The event at the Fairmont was a coming out of sorts for Champion. At a series of meetings the next day, athletes and venture capitalists got together to chart the rookie firm's future. Several well-known VCs presented their investment strategies to three dozen attentive pro athletes, most of them football players. Then, select CEOs introduced themselves and their business models. Finally, a bigwig from Goldman Sachs presented a keynote address. (For his honorarium, he passed around a football, which all the athletes autographed with a felt-tip marker.) "It was a phenomenal meeting," says Romanowski, the Denver Broncos' six-foot-four, 245-pound linebacker. "A lot of times when we go to an event, everyone wants to talk to us. But in this situation I wanted to talk to the people we've invested money in. They are some of the best in the country as far as venture capital goes."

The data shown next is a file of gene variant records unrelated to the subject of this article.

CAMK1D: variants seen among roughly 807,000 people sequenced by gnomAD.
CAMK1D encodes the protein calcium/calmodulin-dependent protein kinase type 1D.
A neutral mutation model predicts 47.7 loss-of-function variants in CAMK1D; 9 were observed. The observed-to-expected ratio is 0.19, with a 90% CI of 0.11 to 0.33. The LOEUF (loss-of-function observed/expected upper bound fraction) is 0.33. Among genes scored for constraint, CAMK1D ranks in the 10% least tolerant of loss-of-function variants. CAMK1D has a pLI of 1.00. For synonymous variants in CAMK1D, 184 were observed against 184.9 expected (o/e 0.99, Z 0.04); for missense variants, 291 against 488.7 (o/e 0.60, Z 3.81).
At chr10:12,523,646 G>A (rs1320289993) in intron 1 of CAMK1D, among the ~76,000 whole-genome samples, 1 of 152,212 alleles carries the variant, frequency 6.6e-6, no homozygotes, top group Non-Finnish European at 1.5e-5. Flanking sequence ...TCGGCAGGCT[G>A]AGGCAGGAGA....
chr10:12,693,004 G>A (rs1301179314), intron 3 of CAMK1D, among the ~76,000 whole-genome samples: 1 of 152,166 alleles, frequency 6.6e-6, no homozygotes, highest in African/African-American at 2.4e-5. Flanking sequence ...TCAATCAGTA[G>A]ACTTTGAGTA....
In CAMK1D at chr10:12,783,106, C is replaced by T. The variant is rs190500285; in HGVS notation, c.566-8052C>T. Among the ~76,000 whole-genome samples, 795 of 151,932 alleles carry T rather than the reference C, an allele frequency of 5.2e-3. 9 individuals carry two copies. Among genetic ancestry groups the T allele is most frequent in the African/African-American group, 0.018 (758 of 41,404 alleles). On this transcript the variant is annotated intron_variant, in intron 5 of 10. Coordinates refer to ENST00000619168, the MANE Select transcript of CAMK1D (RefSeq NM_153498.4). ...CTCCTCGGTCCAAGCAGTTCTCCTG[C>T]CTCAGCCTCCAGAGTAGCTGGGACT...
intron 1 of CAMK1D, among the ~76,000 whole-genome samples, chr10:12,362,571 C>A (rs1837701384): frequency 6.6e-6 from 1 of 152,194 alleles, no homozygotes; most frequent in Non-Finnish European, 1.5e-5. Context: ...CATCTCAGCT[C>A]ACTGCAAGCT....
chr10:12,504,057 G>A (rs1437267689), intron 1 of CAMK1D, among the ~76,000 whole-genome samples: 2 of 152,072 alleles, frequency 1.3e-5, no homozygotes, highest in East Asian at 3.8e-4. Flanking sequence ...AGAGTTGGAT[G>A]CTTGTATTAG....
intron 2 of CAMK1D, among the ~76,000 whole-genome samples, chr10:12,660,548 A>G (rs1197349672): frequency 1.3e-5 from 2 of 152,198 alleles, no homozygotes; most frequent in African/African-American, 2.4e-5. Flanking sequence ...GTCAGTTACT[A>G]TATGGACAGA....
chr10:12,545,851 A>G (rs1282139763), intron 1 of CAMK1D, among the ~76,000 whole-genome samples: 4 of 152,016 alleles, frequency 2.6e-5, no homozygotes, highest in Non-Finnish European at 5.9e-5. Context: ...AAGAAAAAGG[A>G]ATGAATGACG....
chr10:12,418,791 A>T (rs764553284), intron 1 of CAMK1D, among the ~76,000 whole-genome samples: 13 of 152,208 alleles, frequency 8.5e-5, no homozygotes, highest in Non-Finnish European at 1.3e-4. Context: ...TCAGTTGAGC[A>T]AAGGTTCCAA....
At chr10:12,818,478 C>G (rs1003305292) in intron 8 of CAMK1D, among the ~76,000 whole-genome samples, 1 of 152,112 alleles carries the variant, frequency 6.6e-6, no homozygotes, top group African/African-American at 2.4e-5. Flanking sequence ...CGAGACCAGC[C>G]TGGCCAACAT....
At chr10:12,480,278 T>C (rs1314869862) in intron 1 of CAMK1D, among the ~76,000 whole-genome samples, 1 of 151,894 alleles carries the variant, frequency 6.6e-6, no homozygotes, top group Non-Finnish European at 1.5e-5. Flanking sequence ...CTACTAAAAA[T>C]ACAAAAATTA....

Likewise, the Champion fund's organizers are some of the best in the country as far as football goes. Harris Barton and Ronnie Lott are two beefy veterans of the San Francisco 49ers. Barton has three Super Bowl rings; Lott owns four. As they have designed it, Champion raises money almost exclusively from athletes like the guys who attended the conference -- their former teammates and peers. In its first outing, for example, Champion pooled more than $36 million from about 80 athletes and about $4 million from other individuals. But rather than investing directly in companies itself, Champion gives its money to more experienced VC firms -- making it a so-called fund of funds -- at which point it relinquishes any control over how the money is invested. The professional VCs decide which companies receive money, although Barton and Lott have met with some fund-raising CEOs.